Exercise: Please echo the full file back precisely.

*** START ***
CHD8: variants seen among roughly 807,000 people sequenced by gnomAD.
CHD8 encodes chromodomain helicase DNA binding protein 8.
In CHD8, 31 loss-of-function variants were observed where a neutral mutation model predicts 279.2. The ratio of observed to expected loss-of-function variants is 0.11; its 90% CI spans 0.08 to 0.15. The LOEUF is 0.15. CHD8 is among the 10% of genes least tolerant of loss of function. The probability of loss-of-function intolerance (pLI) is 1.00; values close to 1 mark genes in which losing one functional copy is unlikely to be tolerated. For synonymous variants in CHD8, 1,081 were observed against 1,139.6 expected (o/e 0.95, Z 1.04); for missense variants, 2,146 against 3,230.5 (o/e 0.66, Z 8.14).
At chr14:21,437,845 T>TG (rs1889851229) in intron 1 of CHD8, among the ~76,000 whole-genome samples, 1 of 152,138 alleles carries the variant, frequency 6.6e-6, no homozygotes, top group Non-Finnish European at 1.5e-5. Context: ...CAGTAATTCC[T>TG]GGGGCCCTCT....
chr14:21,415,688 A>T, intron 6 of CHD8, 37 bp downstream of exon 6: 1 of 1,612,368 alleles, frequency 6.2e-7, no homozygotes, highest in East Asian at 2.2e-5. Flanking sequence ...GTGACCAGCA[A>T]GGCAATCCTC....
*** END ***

CHD8: variants seen among roughly 807,000 people sequenced by gnomAD.
CHD8 encodes chromodomain helicase DNA binding protein 8.
In CHD8, 31 loss-of-function variants were observed where a neutral mutation model predicts 279.2. The ratio of observed to expected loss-of-function variants is 0.11; its 90% CI spans 0.08 to 0.15. The LOEUF is 0.15. CHD8 is among the 10% of genes least tolerant of loss of function. The probability of loss-of-function intolerance (pLI) is 1.00; values close to 1 mark genes in which losing one functional copy is unlikely to be tolerated. For synonymous variants in CHD8, 1,081 were observed against 1,139.6 expected (o/e 0.95, Z 1.04); for missense variants, 2,146 against 3,230.5 (o/e 0.66, Z 8.14).
At chr14:21,437,845 T>TG (rs1889851229) in intron 1 of CHD8, among the ~76,000 whole-genome samples, 1 of 152,138 alleles carries the variant, frequency 6.6e-6, no homozygotes, top group Non-Finnish European at 1.5e-5. Context: ...CAGTAATTCC[T>TG]GGGGCCCTCT....
chr14:21,415,688 A>T, intron 6 of CHD8, 37 bp downstream of exon 6: 1 of 1,612,368 alleles, frequency 6.2e-7, no homozygotes, highest in East Asian at 2.2e-5. Flanking sequence ...GTGACCAGCA[A>T]GGCAATCCTC....